Jan 8, 2014; Toronto, Ontario, CAN; Toronto Raptors guard DeMar DeRozan (10) carries the ball against the Detroit Pistons during the first half at the Air Canada Centre. Mandatory Credit: John E. Sokolowski-USA TODAY Sports

DeMar DeRozan: A master class in professionalism

The Toronto Raptors’ defeat of the Detroit Pistons on Wednesday evening was highlighted by double-figured scoring from all five starters. DeMar DeRozan had 19 points, a fraction below his seasonal average. Yet DD struggled mightily all game. He was 3 of 15 shooting, and all of those makes were layups. In other words, he missed all 12 attempts of his bread & butter jump shot. Short ones or long, contested or open, baseline or elbow – every shot went clank. I thought he played brilliantly.

Jan 8, 2014; Toronto, Ontario, CAN; Detroit Pistons forward Josh Smith (6) and Toronto Raptors guard DeMar DeRozan (10) watch a loose ball during the first half at the Air Canada Centre. Mandatory Credit: John E. Sokolowski-USA TODAY Sports

Before I example that seemingly bizarre conclusion to the first paragraph, let me step away. Every professional athlete has off-days. Tiger Woods’ putts lip out or his drives find the rough, Rafael Nadal’s first serves keep hitting the net or his backhands fly long. No great player is immune from substandard play, whatever the sport. What distinguishes the top-rank athletes from their run-of-the-mill competitors is (among other things) the ability to compensate. While our man DeMar is by no means a great player (yet?), he showed me he knows how to adjust. The jump shot isn’t falling – OK, time to do something else. DD didn’t bang the floor with his hand in frustration, hang his head or whine to the referees. Instead, he started driving to the basket, often receiving a pass after he started his forward motion, to generate extra momentum. DD got fouled, a lot. He made 16 free throw attempts, and hit 13. Throw in 4 assists, 2 steals and 6 boards et voila; a significant contribution to an important victory.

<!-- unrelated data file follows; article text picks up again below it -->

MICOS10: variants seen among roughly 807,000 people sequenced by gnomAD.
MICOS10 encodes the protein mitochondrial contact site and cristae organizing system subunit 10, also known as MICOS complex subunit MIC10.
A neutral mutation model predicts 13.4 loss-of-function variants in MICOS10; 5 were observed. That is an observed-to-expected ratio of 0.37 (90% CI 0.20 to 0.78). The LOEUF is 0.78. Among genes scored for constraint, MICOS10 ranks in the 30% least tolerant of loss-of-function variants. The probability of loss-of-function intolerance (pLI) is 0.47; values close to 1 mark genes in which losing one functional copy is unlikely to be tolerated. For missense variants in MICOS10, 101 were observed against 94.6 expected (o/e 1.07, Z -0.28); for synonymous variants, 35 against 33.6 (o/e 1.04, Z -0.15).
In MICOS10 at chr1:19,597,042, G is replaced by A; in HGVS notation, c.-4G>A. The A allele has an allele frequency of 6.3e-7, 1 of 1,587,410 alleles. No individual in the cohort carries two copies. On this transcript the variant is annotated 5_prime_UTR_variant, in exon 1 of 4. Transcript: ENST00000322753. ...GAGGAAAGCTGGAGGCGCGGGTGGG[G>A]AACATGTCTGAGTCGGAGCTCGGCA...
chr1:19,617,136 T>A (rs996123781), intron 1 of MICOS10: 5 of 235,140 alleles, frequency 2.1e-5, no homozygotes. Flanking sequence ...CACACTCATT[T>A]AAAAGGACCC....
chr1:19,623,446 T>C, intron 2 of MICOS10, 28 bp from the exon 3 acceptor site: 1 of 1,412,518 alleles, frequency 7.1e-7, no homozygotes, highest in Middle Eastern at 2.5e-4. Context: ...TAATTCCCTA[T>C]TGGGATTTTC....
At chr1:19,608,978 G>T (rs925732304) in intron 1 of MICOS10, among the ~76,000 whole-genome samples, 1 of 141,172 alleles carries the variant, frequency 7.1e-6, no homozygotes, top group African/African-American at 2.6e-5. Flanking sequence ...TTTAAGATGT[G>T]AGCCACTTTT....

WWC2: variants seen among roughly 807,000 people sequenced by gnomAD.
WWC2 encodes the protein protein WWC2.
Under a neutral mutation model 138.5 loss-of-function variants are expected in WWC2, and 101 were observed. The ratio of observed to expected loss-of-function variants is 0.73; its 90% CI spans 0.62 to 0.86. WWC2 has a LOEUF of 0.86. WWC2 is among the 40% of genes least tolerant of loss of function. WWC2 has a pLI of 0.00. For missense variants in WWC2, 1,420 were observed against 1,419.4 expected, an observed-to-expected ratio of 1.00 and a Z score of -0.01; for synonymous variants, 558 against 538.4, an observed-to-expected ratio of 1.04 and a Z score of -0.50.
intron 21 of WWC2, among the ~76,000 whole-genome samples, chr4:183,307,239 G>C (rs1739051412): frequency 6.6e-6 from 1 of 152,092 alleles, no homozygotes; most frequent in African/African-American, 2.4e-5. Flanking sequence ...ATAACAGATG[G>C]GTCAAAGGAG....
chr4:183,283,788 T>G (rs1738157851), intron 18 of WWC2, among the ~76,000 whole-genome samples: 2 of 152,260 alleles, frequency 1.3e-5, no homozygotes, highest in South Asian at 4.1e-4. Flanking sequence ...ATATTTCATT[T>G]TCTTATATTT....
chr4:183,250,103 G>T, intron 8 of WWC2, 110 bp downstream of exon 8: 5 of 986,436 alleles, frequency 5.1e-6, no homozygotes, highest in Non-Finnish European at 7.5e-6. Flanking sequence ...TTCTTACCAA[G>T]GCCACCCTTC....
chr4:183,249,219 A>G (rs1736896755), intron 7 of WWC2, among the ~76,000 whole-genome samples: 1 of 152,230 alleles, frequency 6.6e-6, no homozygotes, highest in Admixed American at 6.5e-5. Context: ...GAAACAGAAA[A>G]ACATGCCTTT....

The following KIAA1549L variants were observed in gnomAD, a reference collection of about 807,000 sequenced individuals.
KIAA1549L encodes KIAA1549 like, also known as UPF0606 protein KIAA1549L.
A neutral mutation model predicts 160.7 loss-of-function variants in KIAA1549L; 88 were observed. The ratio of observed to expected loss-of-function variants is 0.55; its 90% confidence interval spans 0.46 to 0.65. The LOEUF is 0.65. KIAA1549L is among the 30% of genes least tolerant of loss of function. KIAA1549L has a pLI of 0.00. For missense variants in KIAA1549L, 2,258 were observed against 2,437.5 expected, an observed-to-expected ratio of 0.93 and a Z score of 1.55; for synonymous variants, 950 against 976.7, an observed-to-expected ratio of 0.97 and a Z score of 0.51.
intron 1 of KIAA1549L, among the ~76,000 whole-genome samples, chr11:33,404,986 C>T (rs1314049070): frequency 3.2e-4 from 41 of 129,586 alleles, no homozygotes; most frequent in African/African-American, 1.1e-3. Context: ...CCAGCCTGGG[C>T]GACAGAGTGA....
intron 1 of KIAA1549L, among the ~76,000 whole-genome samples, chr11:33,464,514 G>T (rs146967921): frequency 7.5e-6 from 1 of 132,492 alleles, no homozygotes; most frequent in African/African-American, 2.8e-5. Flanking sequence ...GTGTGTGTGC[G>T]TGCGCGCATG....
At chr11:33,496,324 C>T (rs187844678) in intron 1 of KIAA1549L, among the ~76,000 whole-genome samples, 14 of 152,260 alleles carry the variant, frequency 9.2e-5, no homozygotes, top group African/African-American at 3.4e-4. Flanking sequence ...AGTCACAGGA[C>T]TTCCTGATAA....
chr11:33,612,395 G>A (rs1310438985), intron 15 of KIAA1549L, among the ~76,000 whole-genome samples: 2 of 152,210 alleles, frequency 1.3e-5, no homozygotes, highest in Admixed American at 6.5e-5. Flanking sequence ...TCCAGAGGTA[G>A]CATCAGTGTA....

On a night when fatigue had to be a factor (although I’m sure he’d deny it if asked) DeMar found an alternate route to success. It was a marvelous example to his youthful teammates of how to shift gears when your primary offensive weapon is misfiring. The fact his seasonal shooting percentage was damaged matters only to stats geeks. DD took a giant step forward as a professional this night, and I’m sure his team, and his coaches, were thrilled at his performance. So should we fans.

Brian Boake is Senior Editor for Raptors Rapture. “Like” Raptors Rapture on Facebook and follow us on twitter @RaptorsRapture for all the latest news and updates about the best damn NBA team from Canada.

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